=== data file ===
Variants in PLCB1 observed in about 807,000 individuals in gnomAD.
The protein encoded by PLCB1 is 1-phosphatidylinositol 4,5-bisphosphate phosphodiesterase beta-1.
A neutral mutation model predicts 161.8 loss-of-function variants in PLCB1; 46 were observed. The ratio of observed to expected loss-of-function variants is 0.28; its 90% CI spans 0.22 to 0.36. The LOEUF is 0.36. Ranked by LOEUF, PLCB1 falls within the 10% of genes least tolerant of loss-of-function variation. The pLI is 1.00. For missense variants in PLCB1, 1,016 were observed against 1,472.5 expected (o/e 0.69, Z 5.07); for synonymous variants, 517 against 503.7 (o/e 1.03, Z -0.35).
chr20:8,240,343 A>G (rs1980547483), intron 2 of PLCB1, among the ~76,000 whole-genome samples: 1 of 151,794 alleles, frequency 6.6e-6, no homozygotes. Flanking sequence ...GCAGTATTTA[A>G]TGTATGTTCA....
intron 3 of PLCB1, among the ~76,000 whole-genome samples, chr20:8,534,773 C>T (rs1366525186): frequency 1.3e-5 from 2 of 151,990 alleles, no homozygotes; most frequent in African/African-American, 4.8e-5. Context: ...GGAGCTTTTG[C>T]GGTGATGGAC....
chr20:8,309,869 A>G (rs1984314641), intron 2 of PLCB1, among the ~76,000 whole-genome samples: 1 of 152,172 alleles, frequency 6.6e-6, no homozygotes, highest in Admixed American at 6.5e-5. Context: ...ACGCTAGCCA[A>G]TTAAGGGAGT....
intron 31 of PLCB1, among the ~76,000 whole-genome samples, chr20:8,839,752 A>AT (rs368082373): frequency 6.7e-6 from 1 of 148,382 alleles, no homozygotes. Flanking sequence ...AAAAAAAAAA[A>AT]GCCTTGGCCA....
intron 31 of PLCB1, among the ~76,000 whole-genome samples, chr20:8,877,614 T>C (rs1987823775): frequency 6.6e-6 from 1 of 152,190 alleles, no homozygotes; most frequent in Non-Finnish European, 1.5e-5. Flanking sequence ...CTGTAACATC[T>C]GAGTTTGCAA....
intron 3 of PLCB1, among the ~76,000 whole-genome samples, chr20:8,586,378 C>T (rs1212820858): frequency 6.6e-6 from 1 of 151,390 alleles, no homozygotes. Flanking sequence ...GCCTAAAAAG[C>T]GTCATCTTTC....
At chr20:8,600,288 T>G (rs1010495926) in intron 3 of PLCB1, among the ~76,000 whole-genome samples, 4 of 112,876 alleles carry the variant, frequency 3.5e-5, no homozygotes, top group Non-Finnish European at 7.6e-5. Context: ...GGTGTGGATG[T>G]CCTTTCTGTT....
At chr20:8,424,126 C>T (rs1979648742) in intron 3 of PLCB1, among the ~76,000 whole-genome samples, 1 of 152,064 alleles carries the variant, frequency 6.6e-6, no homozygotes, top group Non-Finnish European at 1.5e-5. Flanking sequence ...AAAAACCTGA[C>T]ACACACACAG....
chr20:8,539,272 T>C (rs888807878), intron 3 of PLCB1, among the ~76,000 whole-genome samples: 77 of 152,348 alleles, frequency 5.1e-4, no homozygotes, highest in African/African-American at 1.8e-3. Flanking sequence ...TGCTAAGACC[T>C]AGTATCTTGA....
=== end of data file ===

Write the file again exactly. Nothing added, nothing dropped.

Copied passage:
Variants in PLCB1 observed in about 807,000 individuals in gnomAD.
The protein encoded by PLCB1 is 1-phosphatidylinositol 4,5-bisphosphate phosphodiesterase beta-1.
A neutral mutation model predicts 161.8 loss-of-function variants in PLCB1; 46 were observed. The ratio of observed to expected loss-of-function variants is 0.28; its 90% CI spans 0.22 to 0.36. The LOEUF is 0.36. Ranked by LOEUF, PLCB1 falls within the 10% of genes least tolerant of loss-of-function variation. The pLI is 1.00. For missense variants in PLCB1, 1,016 were observed against 1,472.5 expected (o/e 0.69, Z 5.07); for synonymous variants, 517 against 503.7 (o/e 1.03, Z -0.35).
chr20:8,240,343 A>G (rs1980547483), intron 2 of PLCB1, among the ~76,000 whole-genome samples: 1 of 151,794 alleles, frequency 6.6e-6, no homozygotes. Flanking sequence ...GCAGTATTTA[A>G]TGTATGTTCA....
intron 3 of PLCB1, among the ~76,000 whole-genome samples, chr20:8,534,773 C>T (rs1366525186): frequency 1.3e-5 from 2 of 151,990 alleles, no homozygotes; most frequent in African/African-American, 4.8e-5. Context: ...GGAGCTTTTG[C>T]GGTGATGGAC....
chr20:8,309,869 A>G (rs1984314641), intron 2 of PLCB1, among the ~76,000 whole-genome samples: 1 of 152,172 alleles, frequency 6.6e-6, no homozygotes, highest in Admixed American at 6.5e-5. Context: ...ACGCTAGCCA[A>G]TTAAGGGAGT....
intron 31 of PLCB1, among the ~76,000 whole-genome samples, chr20:8,839,752 A>AT (rs368082373): frequency 6.7e-6 from 1 of 148,382 alleles, no homozygotes. Flanking sequence ...AAAAAAAAAA[A>AT]GCCTTGGCCA....
intron 31 of PLCB1, among the ~76,000 whole-genome samples, chr20:8,877,614 T>C (rs1987823775): frequency 6.6e-6 from 1 of 152,190 alleles, no homozygotes; most frequent in Non-Finnish European, 1.5e-5. Flanking sequence ...CTGTAACATC[T>C]GAGTTTGCAA....
intron 3 of PLCB1, among the ~76,000 whole-genome samples, chr20:8,586,378 C>T (rs1212820858): frequency 6.6e-6 from 1 of 151,390 alleles, no homozygotes. Flanking sequence ...GCCTAAAAAG[C>T]GTCATCTTTC....
At chr20:8,600,288 T>G (rs1010495926) in intron 3 of PLCB1, among the ~76,000 whole-genome samples, 4 of 112,876 alleles carry the variant, frequency 3.5e-5, no homozygotes, top group Non-Finnish European at 7.6e-5. Context: ...GGTGTGGATG[T>G]CCTTTCTGTT....
At chr20:8,424,126 C>T (rs1979648742) in intron 3 of PLCB1, among the ~76,000 whole-genome samples, 1 of 152,064 alleles carries the variant, frequency 6.6e-6, no homozygotes, top group Non-Finnish European at 1.5e-5. Flanking sequence ...AAAAACCTGA[C>T]ACACACACAG....
chr20:8,539,272 T>C (rs888807878), intron 3 of PLCB1, among the ~76,000 whole-genome samples: 77 of 152,348 alleles, frequency 5.1e-4, no homozygotes, highest in African/African-American at 1.8e-3. Flanking sequence ...TGCTAAGACC[T>C]AGTATCTTGA....